Scottish National Dictionary (1700–)

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YOWE, n. Also yow, yeow, youw (Sh. 1916 J. Burgess Rasmie's Smaa Murr (Iktober 17)), youe; †yew (Edb. 1773 Fergusson Poems (S.T.S.) II. 209); ¶hjow (Sh. 1951 New Shetlander No. 27. 34). Sc. forms and usages of Eng. ewe (Ayr. 1782 Burns Death of Poor Mailie ix.; Dmf. 1810 R. Cromek Remains 199; ne.Sc. 1881 W. Gregor Folk-Lore 153; Sh. 1888 B. R. Anderson Broken Lights 90; Sc. a.1894 Stevenson New Poems (1918) 38; Lnk. 1919 G. Rae Clyde and Tweed 70; Ork. 1929 Old-Lore Misc. IX. ii. 76; Peb. 1953 Scots Mag. (Dec.) 171). Gen.Sc. Dim. yowie (Ayr. 1782 Burns Death of Poor Mailie x.; Edb. 1869 J. Smith Poems 122; Gall. 1928 Gallov. Annual 88; Abd 1946 J. C. Milne Orra Loon 26), ewie (Abd. c.1760 J. Skinner Amusements (1809) 63, m.Sc. 1842 A. Rodger Stray Leaves 19). [jʌu]

1. As in Eng. In proverbial expressions: Edb. 1773  Fergusson Poems (S.T.S.) II. 209:
Ae scabbit yew spills twenty flocks.
Sc. 1816  Scott Antiquary xliv.:
They liked mutton well that licket where the yowe lay.
Slk. 1967  :
There's mair as ae yowe o the brae face = There are plenty of fish in the sea, e.g. in choosing a wife.

Combs.: (1) rotten yowe, a ewe affected with sheep-rot, hence transf. of a person with symptoms of chest disease. esp. frequent spitting (n.Sc. 1825 Jam.; Cai. 1974); (2) yowe brose, Brose made with the juice of mutton; (3) yowe bucht, ew(e) b(o)ught, a pen or enclosure for ewes at milking- or weaning-time (Per. 1915 Wilson L. Strathearn 276, Per. 1974). Also attrib. See Boucht, n.2; ‡(4) ewe cheese, cheese made from ewes' milk; (5) ewe-daisy, tormentil, Potentilla tormentilla (Bwk. 1853 G. Johnston Botany E. Borders 72); (6) ewe-flower, ? = (7); (7) ewe-gowan, the common daisy, Bellis perennis (n.Sc. 1825 Jam., “apparently denominated from the ewe as being frequent in pastures, and fed on by sheep”; (8) yowe herd, a shepherd; (9) ewe-hog(g), see Hog, n.1, 1.Combs. Gen.Sc.; (10) yow-lammie, dim., a little ewe lamb. Gen.Sc.; ‡(11) yowe-milk, ewe's milk, specif. used in making cheese. Hence derivs. ewe(s) milking, ewe-milker; (12) yowe(s)-tremmle, -trimmle, -trummle, a cold spell in early summer about the time of sheep-shearing, supposed to chill the sheep (em.Sc.(a), s.Sc. 1974). See Tremmle, n.; (13) yowe's yirnin, fig., a silly person. See Yirn, v., 2.(3). (2) Rxb. 1894  Sc. Fairy Tales (Douglas) 139:
They offered it yowe brose.
(3) Wgt. 1707  Session Rec. Kirkinner MS. (19 Oct.):
In Spring last in time of harrowing, and another time in the ew bought.
Sc. 1723  Ramsay Poems (S.T.S.) II. 134:
In bonny Ew-bught May.
Slk. 1813  Hogg Queen's Wake 252:
At ewe-bught, or at evening fold.
Rxb. 1901  W. Laidlaw Poetry 67:
Ewe-bughts at the dawn of morn At milkin' o' the yowes.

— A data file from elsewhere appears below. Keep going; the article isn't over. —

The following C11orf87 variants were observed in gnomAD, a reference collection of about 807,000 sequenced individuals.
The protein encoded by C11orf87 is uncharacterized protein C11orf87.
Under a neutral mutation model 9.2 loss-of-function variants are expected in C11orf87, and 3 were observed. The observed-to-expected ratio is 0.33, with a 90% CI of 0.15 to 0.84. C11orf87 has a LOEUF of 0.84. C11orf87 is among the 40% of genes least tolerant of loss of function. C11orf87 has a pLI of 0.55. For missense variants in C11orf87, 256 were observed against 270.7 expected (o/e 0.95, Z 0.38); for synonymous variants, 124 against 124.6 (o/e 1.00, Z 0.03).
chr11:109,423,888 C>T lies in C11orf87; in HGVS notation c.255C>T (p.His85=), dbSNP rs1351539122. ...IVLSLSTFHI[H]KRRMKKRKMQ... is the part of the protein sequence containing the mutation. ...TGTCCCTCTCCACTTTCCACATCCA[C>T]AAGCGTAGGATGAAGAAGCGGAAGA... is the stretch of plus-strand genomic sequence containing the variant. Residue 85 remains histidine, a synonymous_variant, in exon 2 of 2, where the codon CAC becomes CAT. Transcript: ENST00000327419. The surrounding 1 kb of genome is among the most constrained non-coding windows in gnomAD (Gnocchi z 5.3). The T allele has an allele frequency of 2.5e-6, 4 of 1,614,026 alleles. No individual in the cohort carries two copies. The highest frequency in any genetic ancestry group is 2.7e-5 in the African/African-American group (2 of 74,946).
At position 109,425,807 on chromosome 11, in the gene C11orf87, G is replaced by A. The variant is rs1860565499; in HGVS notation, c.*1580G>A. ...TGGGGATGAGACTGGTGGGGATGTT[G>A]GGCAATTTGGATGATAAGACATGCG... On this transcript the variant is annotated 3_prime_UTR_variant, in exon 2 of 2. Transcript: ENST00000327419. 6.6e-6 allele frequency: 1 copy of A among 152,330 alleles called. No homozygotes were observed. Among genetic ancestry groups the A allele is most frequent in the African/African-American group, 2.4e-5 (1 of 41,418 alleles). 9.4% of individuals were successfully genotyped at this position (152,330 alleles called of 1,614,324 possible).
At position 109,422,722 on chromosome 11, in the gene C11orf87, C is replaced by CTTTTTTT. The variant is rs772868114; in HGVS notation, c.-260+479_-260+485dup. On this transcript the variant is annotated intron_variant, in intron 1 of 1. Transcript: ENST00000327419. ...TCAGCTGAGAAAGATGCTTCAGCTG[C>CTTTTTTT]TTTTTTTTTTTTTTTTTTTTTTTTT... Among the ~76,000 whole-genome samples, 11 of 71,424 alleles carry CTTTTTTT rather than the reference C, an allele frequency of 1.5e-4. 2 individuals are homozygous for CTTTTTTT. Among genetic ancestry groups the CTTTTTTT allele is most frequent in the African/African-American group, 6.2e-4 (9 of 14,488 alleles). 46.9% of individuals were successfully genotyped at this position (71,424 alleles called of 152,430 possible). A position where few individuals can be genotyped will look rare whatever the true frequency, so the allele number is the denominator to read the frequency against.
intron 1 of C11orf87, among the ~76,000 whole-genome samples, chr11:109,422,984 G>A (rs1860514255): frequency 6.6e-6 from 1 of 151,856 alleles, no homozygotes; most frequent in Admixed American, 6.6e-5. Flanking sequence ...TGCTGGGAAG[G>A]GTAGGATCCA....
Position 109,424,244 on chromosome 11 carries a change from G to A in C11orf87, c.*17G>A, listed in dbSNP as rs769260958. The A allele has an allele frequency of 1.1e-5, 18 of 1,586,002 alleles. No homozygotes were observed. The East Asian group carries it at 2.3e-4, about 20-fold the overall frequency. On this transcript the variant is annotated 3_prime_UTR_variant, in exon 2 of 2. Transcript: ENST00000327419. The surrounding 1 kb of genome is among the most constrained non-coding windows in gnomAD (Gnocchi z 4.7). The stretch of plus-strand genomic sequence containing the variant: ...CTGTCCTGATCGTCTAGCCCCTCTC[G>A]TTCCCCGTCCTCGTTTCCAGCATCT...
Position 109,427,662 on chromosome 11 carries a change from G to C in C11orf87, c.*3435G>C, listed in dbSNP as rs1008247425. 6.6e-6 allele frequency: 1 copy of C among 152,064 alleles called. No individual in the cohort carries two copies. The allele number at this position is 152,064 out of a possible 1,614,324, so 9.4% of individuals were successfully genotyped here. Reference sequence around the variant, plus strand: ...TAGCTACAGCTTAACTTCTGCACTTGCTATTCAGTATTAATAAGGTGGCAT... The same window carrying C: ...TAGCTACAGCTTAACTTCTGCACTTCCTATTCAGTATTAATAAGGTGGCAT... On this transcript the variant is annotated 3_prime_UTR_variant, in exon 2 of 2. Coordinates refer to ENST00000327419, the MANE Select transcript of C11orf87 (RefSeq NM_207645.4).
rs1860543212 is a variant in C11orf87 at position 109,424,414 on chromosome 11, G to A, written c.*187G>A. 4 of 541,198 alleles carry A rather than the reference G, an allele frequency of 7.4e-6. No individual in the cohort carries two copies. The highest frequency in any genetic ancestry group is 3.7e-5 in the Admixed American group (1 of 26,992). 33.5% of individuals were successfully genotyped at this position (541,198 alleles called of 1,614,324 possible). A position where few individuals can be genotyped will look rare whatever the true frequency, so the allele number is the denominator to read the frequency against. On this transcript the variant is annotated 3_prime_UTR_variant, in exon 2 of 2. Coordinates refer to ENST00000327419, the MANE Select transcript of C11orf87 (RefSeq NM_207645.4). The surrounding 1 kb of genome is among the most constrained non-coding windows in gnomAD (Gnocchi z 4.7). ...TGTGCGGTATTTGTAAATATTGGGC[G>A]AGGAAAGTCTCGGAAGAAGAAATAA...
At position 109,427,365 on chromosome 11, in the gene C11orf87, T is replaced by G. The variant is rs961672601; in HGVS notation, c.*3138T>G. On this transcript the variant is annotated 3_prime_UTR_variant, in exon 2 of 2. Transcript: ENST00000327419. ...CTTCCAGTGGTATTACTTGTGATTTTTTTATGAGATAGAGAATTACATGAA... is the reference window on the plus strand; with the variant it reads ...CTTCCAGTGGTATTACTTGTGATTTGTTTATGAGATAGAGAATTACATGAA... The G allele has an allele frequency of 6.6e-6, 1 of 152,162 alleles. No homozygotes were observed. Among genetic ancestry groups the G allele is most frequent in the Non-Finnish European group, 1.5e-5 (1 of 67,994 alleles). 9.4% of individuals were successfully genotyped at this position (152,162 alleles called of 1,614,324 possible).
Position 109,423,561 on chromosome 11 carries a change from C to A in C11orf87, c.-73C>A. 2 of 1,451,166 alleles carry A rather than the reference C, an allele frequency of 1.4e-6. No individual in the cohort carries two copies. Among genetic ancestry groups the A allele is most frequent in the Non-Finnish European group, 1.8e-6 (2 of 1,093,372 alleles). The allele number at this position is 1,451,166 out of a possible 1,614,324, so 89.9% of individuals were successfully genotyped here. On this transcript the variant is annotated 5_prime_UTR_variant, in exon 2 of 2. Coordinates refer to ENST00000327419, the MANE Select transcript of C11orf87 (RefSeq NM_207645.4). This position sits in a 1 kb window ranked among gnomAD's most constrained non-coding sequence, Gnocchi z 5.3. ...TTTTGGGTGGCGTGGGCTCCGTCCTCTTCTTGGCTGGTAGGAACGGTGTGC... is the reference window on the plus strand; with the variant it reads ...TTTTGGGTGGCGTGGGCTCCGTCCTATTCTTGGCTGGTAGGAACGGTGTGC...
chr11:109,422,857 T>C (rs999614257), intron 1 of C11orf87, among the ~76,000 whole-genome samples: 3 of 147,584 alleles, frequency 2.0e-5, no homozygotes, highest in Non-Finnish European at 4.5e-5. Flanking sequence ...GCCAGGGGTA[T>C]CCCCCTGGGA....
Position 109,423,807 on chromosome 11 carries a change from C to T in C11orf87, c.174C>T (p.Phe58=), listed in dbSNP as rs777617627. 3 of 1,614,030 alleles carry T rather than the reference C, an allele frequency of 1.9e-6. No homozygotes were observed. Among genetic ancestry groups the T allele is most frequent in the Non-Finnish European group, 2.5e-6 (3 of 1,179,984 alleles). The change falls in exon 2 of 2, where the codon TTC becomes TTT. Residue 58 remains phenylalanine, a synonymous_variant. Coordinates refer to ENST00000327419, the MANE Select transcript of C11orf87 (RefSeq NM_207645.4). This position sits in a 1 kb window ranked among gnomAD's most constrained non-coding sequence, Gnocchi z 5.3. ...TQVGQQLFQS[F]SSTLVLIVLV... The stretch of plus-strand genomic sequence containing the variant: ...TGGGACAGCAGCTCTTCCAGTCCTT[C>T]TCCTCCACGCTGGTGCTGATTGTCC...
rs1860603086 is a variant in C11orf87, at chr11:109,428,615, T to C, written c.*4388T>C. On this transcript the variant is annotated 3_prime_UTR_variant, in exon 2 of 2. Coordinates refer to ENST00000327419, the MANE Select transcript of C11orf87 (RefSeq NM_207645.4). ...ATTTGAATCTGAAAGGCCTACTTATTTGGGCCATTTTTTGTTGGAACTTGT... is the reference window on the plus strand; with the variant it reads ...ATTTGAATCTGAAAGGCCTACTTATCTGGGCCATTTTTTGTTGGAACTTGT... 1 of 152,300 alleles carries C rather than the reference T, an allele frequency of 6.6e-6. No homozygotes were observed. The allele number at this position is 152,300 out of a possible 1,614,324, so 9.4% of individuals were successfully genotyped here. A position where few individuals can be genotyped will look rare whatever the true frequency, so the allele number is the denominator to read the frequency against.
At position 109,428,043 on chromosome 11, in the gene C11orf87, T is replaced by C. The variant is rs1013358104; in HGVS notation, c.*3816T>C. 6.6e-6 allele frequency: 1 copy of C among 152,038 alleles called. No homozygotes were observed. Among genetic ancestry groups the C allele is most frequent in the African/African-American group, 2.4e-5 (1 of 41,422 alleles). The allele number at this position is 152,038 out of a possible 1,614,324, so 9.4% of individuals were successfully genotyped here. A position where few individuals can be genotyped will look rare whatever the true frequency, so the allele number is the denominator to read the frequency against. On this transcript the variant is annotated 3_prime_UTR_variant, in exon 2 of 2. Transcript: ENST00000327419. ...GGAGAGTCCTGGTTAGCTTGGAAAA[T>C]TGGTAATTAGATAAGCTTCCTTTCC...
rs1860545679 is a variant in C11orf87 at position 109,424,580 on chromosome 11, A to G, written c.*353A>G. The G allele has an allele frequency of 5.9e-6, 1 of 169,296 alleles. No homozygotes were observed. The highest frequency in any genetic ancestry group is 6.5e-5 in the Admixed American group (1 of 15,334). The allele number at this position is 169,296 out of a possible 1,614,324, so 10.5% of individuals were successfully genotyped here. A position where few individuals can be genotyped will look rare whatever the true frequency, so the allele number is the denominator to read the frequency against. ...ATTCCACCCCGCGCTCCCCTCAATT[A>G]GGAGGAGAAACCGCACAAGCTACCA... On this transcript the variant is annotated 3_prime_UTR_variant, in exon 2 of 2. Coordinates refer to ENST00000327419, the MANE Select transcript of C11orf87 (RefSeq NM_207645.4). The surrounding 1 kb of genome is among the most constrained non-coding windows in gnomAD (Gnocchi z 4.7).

Abd. 1920  R. H. Calder Gleanings I. 3:
Mary to the yowe-buchts is gane To milk her daddy's yowes.
(4) Rxb. 1847  H. S. Riddell Poems 16:
She had brought the auld ewe-cheese.
Rxb. 1910  Trans. Hawick Arch. Soc. 9:
Ewe cheese was quite a common article in shops in Hawick when I was a boy [c.1850].
(6) Slk. 1825  Hogg Queen Hynde 14:
The little ewe-flower starred the lea.
(7) Slk. 1818  Hogg B. of Bodsbeck x.:
Enough to mak the pinks an' the ewe-gowans blush to the very lip.
Bwk. 1879  W. Chisholm Poems 53:
He wad watch the wee ewe-gowan waken.
(8) Rxb. 1821  A. Scott Poems 72:
Tam the yowe herd, frae his mornin whey, To tent the yowes he's comin wast this way.
(10) Abd. 1863  G. MacDonald D. Elginbrod liv.:
Gin't be a puir bit yow-lammie like at ye're efter.
(11) Sc. c.1750  D. Herd Sc. Songs (1776) I. 48:
I've heard a lilting at our ewes milking.
Sc. 1815  Scott Guy M. xxiii.:
A half-dressed ewe-milker shut it in their faces.
Sc. 1818  Scott H. Midlothian xxxviii.:
Maybe ye may like the ewe-milk cheese better.
Knr. 1891  H. Haliburton Ochil Idylls 133:
Yowe-milk kebbuck, sweet to pree.
(12) Sc. 1925  H. McDiarmid Sangschaw 2:
Ae weet forenicht i' the yow-trummle I saw yon antrin thing.
Abd. 1930  Abd. Press & Jnl. (8 March) 6:
We have still to weather the borrowing days, the caul' gab, the coo's quake, and the yowe trummle before we are clear of unpleasant weather.

2. Fig. A stupid, weak-willed person, one who is easily led (Bnff. 1866 Gregor D. Bnff. 213). Ags. 1894  F. Mackenzie Cruisie Sk. xviii.:
Ca' me a Philistine, ye black-faced yeow that ye are?
Abd. 1900  Abd. Wkly. Free Press (15 Sept.):
He may be disna wear gowd-rimmed specs fin he cud see best athoot them, like that muckle yow, Tammie Fraser.

3. A fir cone, freq. in dim. (ne.Sc., Ags. 1974). Also attrib. So called from the resemblance in shape and appearance to a curly-fleeced sheep. Abd. 1867  A. Allardyce Goodwife 9:
Rowin up sma crimpit things [pats of butter], Jist leyk a young fir ewe.
Abd. 1928  N. Shepherd Quarry Wood xiv.:
Trotting away down the road to the yowie woodie.
Abd. 1955  W. P. Milne Eppie Elrick xiv.:
As mony fir yowes as ye can lay yer hans on.
Abd. 1963  Abd. Press and Jnl. (20 July) Suppl. I.:
The Gorack hill with its yowies from a fringe of fir trees.

[O.Sc. yhow, ewe, 1456.]

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"Yowe n.". Dictionary of the Scots Language. 2004. Scottish Language Dictionaries Ltd. Accessed 12 Dec 2017 <http://www.dsl.ac.uk/entry/snd/yowe>

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